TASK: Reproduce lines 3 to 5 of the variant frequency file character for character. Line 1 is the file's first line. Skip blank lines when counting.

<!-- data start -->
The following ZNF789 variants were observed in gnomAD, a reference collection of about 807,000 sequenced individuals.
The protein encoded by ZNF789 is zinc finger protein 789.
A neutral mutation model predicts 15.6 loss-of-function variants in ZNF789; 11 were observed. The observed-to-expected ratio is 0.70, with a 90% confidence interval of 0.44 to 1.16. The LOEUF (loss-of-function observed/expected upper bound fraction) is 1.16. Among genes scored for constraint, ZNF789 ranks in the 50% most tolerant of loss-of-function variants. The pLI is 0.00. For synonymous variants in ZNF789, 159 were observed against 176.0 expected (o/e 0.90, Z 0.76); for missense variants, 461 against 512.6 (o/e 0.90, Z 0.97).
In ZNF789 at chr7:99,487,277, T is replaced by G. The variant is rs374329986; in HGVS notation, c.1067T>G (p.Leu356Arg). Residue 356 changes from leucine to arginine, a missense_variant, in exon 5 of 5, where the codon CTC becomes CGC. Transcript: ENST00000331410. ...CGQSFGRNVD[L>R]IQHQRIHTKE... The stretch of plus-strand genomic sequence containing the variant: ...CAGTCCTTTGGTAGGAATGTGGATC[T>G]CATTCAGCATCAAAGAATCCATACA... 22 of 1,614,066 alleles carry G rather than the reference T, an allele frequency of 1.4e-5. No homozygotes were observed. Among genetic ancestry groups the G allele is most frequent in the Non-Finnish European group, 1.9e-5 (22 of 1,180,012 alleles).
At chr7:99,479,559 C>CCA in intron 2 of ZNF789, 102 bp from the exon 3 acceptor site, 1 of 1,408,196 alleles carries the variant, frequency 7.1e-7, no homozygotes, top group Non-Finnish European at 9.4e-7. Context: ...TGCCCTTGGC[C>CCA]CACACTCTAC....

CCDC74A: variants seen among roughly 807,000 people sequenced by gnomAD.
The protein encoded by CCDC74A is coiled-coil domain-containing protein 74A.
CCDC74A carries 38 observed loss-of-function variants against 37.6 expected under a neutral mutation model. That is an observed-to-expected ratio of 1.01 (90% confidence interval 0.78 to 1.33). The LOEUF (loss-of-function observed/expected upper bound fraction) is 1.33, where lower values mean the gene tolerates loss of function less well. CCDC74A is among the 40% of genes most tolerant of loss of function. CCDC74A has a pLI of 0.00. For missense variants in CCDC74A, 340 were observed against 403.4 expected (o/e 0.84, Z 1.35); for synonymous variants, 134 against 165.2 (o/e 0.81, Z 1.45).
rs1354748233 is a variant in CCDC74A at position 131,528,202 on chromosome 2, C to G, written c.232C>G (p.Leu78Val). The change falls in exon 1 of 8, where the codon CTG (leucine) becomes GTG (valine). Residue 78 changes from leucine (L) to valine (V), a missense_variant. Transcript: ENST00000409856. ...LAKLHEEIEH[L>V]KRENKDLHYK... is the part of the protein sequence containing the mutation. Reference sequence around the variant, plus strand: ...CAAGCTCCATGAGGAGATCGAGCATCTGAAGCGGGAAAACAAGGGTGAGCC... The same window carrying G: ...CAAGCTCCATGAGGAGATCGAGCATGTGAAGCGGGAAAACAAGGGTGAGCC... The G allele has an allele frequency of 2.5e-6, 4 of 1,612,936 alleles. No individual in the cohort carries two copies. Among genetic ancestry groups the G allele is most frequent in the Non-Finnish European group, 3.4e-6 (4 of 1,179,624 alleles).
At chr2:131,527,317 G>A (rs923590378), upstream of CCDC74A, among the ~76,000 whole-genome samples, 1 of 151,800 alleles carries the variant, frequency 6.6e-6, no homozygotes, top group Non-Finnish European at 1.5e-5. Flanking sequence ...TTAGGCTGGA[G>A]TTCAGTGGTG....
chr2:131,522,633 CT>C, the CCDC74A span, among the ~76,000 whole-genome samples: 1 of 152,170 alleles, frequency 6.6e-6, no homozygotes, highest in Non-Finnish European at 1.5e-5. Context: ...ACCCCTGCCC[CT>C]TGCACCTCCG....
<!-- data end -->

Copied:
A neutral mutation model predicts 15.6 loss-of-function variants in ZNF789; 11 were observed. The observed-to-expected ratio is 0.70, with a 90% confidence interval of 0.44 to 1.16. The LOEUF (loss-of-function observed/expected upper bound fraction) is 1.16. Among genes scored for constraint, ZNF789 ranks in the 50% most tolerant of loss-of-function variants. The pLI is 0.00. For synonymous variants in ZNF789, 159 were observed against 176.0 expected (o/e 0.90, Z 0.76); for missense variants, 461 against 512.6 (o/e 0.90, Z 0.97).
In ZNF789 at chr7:99,487,277, T is replaced by G. The variant is rs374329986; in HGVS notation, c.1067T>G (p.Leu356Arg). Residue 356 changes from leucine to arginine, a missense_variant, in exon 5 of 5, where the codon CTC becomes CGC. Transcript: ENST00000331410. ...CGQSFGRNVD[L>R]IQHQRIHTKE... The stretch of plus-strand genomic sequence containing the variant: ...CAGTCCTTTGGTAGGAATGTGGATC[T>G]CATTCAGCATCAAAGAATCCATACA... 22 of 1,614,066 alleles carry G rather than the reference T, an allele frequency of 1.4e-5. No homozygotes were observed. Among genetic ancestry groups the G allele is most frequent in the Non-Finnish European group, 1.9e-5 (22 of 1,180,012 alleles).
At chr7:99,479,559 C>CCA in intron 2 of ZNF789, 102 bp from the exon 3 acceptor site, 1 of 1,408,196 alleles carries the variant, frequency 7.1e-7, no homozygotes, top group Non-Finnish European at 9.4e-7. Context: ...TGCCCTTGGC[C>CCA]CACACTCTAC....